Geoffrey Straughn is finishing is final classes, and he just started his first job, thanks to a unique program called "Project Search Collaborates for Autism."

"The mission is really to build the skills necessary for these individuals to move on beyond these doors to get competitive employment," said David Kuhn, clinical director, NewYork-Presbyterian Center for Autism and the Developing Brain.

For young adults with autism, finding work can be incredibly challenging. At Project Search, interns spend classroom time learning life skills, but there's a strong focus on real-life job-training.

"Our interns go through three rotations, three 10-week rotations, for a total of 600 work hours per year, where they are placed at different sites across our campus getting a variety of different experiences," Kuhn said.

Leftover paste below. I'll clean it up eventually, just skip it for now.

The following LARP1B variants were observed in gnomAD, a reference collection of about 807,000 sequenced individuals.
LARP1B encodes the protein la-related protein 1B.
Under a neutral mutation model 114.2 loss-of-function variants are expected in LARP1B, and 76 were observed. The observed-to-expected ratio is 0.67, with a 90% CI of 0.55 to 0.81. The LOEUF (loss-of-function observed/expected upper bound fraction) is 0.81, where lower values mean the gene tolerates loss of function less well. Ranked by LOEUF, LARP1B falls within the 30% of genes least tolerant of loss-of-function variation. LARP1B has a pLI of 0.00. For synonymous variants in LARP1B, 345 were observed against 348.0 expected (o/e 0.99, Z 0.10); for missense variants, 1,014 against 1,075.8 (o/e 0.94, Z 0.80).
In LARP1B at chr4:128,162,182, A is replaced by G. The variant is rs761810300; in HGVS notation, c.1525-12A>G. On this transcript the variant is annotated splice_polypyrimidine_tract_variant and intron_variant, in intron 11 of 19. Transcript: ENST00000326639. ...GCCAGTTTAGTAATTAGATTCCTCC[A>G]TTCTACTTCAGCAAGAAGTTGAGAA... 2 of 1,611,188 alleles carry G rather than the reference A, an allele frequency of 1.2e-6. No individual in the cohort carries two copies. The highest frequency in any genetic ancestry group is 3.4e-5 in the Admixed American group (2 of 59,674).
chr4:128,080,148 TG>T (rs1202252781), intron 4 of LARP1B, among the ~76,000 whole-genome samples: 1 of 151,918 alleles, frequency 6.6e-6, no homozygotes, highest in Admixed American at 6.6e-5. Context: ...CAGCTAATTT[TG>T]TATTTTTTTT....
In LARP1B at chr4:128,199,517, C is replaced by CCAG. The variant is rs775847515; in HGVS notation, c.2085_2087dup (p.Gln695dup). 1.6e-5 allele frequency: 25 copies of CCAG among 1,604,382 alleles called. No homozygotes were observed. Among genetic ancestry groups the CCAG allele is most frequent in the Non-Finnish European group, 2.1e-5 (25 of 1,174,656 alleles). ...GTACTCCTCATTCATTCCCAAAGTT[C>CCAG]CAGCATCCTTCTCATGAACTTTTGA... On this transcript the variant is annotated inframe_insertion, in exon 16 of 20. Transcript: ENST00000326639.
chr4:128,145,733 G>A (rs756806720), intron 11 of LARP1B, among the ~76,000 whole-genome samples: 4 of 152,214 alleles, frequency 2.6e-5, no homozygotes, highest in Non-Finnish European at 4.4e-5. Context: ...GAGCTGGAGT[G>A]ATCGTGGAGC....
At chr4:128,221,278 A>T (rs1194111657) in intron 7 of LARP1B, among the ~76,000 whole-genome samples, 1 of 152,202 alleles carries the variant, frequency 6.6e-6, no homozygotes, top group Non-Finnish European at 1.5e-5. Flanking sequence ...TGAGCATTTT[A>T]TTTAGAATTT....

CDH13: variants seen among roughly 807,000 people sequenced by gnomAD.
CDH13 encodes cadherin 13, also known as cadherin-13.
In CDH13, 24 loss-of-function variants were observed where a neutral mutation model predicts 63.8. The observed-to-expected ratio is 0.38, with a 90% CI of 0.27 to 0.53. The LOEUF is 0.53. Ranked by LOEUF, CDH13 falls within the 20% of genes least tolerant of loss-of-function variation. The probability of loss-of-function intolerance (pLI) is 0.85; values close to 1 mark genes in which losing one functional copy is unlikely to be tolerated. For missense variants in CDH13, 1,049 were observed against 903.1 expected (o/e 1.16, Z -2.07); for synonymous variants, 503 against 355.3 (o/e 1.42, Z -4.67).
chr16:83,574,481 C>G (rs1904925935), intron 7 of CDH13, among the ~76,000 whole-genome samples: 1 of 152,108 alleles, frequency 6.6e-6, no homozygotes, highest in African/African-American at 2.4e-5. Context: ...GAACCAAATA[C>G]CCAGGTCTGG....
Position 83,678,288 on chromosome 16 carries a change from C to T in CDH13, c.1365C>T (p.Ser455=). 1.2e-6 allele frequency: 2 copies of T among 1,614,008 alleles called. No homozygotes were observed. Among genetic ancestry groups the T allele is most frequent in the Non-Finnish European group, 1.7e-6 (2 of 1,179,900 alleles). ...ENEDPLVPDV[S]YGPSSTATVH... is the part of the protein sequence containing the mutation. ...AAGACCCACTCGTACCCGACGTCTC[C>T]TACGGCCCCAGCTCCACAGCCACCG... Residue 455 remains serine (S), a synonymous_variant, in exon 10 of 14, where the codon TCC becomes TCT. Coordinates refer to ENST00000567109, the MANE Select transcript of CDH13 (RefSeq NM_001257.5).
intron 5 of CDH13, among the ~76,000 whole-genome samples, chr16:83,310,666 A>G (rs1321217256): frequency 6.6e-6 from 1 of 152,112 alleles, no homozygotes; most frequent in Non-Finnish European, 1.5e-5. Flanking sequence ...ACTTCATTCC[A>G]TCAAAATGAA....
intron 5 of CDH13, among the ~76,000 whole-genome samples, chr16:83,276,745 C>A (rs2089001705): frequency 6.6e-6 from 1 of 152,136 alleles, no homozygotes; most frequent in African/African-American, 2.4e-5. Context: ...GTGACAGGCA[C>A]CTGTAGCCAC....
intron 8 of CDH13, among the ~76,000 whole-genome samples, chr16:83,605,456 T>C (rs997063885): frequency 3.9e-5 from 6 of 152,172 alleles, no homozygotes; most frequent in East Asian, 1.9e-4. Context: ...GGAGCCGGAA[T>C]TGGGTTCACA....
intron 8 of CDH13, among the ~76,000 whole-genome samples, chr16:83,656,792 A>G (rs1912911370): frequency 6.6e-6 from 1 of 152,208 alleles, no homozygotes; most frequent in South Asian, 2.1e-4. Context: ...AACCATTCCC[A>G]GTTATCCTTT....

Interns range in age from eight to 21. They must have a diagnosis of an autism spectrum disorder, have no violent tendencies, be able to communicate and follow a one- to two-step schedule.

"Well, I do need a schedule of what I do 'cause if I don't have a schedule, I don't know what the heck I'm supposed to do," Straughn said.

Straughn's new job is with the Yonkers, New York, district attorney's office. He is one of the 70 percent in the program who go on to find work.

"Geoffrey has grown a lot this year," said his mom, Judy Straughn. "He's learning to do so many things, and he seems to be happy, which is what I want."

Project Search has grown from a single program at Cincinnati Children's Hospital in 1996 to more than 200 sites around the world.

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